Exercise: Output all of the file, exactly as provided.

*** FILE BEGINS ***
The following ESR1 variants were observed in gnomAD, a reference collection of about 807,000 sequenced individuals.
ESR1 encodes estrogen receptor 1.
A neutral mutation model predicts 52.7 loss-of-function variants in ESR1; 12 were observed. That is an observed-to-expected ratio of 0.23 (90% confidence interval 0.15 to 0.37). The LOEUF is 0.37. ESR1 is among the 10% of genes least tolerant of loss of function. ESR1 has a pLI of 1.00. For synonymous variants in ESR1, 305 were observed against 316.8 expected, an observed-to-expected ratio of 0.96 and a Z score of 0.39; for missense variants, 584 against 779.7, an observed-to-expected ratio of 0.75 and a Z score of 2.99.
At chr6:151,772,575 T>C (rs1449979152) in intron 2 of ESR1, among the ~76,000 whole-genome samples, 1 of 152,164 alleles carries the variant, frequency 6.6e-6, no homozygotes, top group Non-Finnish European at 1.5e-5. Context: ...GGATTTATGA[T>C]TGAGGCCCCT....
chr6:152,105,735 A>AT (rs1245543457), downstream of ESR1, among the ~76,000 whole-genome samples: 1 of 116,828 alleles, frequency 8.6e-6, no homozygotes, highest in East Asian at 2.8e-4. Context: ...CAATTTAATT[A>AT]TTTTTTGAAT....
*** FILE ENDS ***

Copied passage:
The following ESR1 variants were observed in gnomAD, a reference collection of about 807,000 sequenced individuals.
ESR1 encodes estrogen receptor 1.
A neutral mutation model predicts 52.7 loss-of-function variants in ESR1; 12 were observed. That is an observed-to-expected ratio of 0.23 (90% confidence interval 0.15 to 0.37). The LOEUF is 0.37. ESR1 is among the 10% of genes least tolerant of loss of function. ESR1 has a pLI of 1.00. For synonymous variants in ESR1, 305 were observed against 316.8 expected, an observed-to-expected ratio of 0.96 and a Z score of 0.39; for missense variants, 584 against 779.7, an observed-to-expected ratio of 0.75 and a Z score of 2.99.
At chr6:151,772,575 T>C (rs1449979152) in intron 2 of ESR1, among the ~76,000 whole-genome samples, 1 of 152,164 alleles carries the variant, frequency 6.6e-6, no homozygotes, top group Non-Finnish European at 1.5e-5. Context: ...GGATTTATGA[T>C]TGAGGCCCCT....
chr6:152,105,735 A>AT (rs1245543457), downstream of ESR1, among the ~76,000 whole-genome samples: 1 of 116,828 alleles, frequency 8.6e-6, no homozygotes, highest in East Asian at 2.8e-4. Context: ...CAATTTAATT[A>AT]TTTTTTGAAT....